By the time AP real estate writer Derek Kravitz turned it into a full-blown report, the headline became "US housing starts rise modestly to start new year." The opening sentence now reads: "Construction of single-family homes in the U.S. cooled off slightly in January after surging in the final month last year." The word "weak" is not in the report. It won't surprise anyone that the wire service's initial unfiltered reaction was more correct. What may surprise even those who are used to AP misdirection is that Kravitz made it appear to those who don't know better, which would include a large number of newspaper, TV, and radio journalists, that construction began on almost 1.5 million single-family homes during the past three months. Really.
On Monday, Calvin Woodward, with help from Martin Crutsinger and Pete Yost, produced a "Fact Check" on the budget proposal the White House released earlier that day.
After properly criticizing the administration's plan to use "about $850 billion in savings from ending the wars and steers some $230 billion of that to highways" (and actually quoting someone knowledgeable, who pointed out that "Drawing down spending on wars that were already set to wind down and that were deficit-financed in the first place should not be considered savings"), Woodward went off the rails:
Everybody, including yours truly, makes mistakes. But a major news organization should be able to catch whoppers like the ones readers will see shortly, or at least fix them in short order if they get posted.
A Google search on the title of an ABC report on gas prices ("Bumpy Ride Ahead: Gas Prices May Soon Hit $4 a Gallon") at about 8:10 a.m. ET indicates that the story went up at about 6 p.m. last night, so the pathetic verbiage readers will see after the jump has gone unrepaired for 15 hours, and counting:
On February 2, Blake Ellis at CNN Money (HT to a NewsBusters tipster), in an item which treated minor regulatory changes relating to annuities as some kind of "rescue plan" for retirees, gave President Obama credit for "measures ... (he) has put in place to help Americans save for retirement, including automatic enrollment in 401(k)s." There's no word on whether Ms. Ellis also believes that Obama hung the moon, but it wouldn't surprise me if that were the case.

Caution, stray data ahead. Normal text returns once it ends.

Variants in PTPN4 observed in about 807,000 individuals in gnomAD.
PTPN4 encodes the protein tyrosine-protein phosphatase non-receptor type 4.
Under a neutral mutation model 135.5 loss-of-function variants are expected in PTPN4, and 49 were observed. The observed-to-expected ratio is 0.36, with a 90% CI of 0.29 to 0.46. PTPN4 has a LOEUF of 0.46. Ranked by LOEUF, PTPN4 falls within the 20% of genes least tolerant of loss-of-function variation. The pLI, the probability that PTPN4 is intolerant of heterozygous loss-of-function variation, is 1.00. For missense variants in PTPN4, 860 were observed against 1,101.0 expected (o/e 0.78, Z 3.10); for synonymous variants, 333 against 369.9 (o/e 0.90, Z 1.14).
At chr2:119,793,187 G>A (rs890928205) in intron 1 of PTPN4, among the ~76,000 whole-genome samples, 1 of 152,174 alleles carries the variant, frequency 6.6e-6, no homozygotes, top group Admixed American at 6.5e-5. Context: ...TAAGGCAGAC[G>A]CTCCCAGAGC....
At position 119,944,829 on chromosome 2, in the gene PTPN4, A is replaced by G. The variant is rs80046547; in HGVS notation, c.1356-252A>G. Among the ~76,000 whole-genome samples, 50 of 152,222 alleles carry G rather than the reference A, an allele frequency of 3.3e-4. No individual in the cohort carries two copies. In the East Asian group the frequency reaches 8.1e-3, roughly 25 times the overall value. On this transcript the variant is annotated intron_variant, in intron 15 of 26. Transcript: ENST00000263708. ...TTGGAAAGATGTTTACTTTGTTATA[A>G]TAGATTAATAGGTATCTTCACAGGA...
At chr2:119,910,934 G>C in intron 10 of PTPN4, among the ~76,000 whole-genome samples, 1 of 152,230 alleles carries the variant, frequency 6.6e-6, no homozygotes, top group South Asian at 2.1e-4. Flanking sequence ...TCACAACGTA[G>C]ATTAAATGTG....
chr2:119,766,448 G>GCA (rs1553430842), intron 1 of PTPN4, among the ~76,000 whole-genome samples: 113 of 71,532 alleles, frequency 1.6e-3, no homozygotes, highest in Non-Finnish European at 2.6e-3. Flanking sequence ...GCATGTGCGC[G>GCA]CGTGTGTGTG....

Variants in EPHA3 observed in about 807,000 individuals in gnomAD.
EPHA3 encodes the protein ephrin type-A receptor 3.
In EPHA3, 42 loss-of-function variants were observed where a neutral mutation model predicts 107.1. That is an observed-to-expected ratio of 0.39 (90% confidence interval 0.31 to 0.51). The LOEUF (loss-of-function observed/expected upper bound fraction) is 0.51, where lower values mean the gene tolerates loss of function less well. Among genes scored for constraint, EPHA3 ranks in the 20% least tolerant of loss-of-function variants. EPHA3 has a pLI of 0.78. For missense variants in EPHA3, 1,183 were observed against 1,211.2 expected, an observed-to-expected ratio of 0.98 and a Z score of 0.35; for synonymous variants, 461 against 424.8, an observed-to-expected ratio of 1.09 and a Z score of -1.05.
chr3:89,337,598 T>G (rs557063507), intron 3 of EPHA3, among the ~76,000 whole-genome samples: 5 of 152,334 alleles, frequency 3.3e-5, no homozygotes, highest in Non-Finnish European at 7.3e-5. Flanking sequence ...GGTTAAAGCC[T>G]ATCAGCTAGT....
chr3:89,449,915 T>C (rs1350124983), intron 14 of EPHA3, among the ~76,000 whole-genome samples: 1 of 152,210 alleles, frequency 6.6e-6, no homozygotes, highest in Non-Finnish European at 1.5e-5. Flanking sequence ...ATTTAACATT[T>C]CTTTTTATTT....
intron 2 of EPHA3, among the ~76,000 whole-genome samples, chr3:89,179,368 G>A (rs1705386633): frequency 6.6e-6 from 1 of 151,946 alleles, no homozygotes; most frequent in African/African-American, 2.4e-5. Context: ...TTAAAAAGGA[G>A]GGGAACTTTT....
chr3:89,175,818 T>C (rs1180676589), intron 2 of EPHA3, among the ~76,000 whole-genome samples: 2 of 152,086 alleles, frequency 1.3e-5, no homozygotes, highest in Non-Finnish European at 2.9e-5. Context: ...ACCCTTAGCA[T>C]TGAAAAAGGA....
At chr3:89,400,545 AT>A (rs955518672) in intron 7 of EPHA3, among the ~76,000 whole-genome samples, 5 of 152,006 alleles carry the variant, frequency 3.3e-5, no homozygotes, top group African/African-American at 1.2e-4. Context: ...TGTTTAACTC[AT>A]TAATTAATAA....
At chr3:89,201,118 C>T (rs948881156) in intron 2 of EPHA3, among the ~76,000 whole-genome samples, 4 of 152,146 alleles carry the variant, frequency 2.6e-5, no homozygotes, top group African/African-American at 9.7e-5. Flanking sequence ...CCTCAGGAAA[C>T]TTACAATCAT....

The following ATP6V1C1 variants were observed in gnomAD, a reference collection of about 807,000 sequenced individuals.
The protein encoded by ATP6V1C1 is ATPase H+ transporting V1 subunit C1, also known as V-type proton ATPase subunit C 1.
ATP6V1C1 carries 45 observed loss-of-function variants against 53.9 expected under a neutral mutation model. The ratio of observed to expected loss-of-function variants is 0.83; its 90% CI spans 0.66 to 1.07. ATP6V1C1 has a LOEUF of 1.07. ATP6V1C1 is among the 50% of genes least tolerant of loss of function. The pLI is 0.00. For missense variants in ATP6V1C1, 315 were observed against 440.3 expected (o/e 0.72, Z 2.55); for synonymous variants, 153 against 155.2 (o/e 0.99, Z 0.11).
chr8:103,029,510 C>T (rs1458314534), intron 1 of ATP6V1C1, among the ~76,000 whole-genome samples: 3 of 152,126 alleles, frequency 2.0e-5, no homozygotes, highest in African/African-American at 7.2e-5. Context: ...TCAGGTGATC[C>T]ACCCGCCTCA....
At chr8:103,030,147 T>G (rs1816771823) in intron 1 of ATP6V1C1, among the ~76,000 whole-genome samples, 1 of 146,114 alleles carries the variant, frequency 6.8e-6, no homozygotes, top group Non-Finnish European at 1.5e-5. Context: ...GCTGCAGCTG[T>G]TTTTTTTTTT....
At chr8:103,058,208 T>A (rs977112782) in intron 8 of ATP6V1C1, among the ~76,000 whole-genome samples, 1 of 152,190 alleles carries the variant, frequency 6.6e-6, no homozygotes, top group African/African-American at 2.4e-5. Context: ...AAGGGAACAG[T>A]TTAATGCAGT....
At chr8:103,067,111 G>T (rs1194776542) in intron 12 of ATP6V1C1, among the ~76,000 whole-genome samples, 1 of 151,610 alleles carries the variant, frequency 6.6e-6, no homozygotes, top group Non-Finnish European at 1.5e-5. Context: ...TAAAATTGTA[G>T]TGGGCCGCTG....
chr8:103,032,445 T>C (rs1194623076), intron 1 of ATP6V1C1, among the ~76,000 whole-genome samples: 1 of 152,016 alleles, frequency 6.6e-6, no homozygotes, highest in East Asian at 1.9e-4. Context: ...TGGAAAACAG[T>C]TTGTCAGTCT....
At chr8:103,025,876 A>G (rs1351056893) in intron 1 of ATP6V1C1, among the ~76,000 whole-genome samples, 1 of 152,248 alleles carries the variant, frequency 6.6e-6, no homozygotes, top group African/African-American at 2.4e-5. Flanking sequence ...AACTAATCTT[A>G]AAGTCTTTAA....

Somebody needs to tell Ms. Ellis that a "History of 401(k) Plans" published by the Employee Benefits Research Institute seven years ago tells us that the critical dates relating to employers' ability to automatically enroll new and eventually existing employees in their 401(k) plans (subject to the employee's ability to proactively decline if he or she chooses) go back to 1998 and 2000, many years before Obama was sworn in as a U.S. Senator (bolds are mine):
The press was eager to jump on initial remarks by U.S. bishops that President Obama's announcement yesterday of what the Wall Street Journal aptly described in an editorial this morning as the "Immaculate Contraception" -- namely, the idea that insurance companies would somehow pay out of their own pockets for costs relating to "contraceptive services" to which the bishops objected to having Catholic institutions pay for directly was "a good first step." I heard this description several times in brief radio news summaries yesterday. Later yesterday afternoon, the bishops' position was reported as "reserving judgment."
In an official statement carried at Vatican Radio's web site ("The Voice of the Pope and the Church in dialogue with the world") this morning, the bishops have rejected Obama's self-described "sensible approach." Especially pertinent, in light of my post earlier this morning, is the fact that the mandate and its revision appear to apply to employers who self-insure -- an option religious institutions have been forced to use to avoid attempts by several U.S. states to mandate what ObamaCare wants to impose on the entire nation (in full; bolds are mine):
Yesterday's announcement by President Obama (headlined at the White House's website as "Remarks by the President on Preventive Care") of planned revisions to an ObamaCare-driven rule which, in the President's words, "if a woman’s employer is a charity or a hospital that has a religious objection to providing contraceptive services as part of their health plan, the insurance company -– not the hospital, not the charity -– will be required to reach out and offer the woman contraceptive care free of charge, without co-pays and without hassles."
Showing just how out of touch the establishment press is with reality, an editorial this morning in the Wall Street Journal cutely titled "Immaculate Contraception" points out something most, including the Associated Press, have missed -- that in a large number of cases involving many thousands of employees, there is no "insurance company" there to directly pay for these services:
Julie Rovner, NPR's on-staff shill for ObamaCare, filed an unashamedly one-sided report on Friday's Morning Edition about the controversial Obama administration mandate that forces religious institutions to include coverage of abortion-inducing drugs, sterilizations, and birth control.
Rovner turned to only two individuals for her pro-mandate report: Peggy Mastroianni, general counsel at the federal government's own EEOC, an organization which recently got slapped down in a unanimous Supreme Court decision concerning the rights of houses of worship in hiring and personnel matters; and Sarah Lipton-Lubet, a lawyer for the notoriously far-left American Civil Liberties Union, who until May 2011, worked for the pro-abortion Center for Reproductive Rights.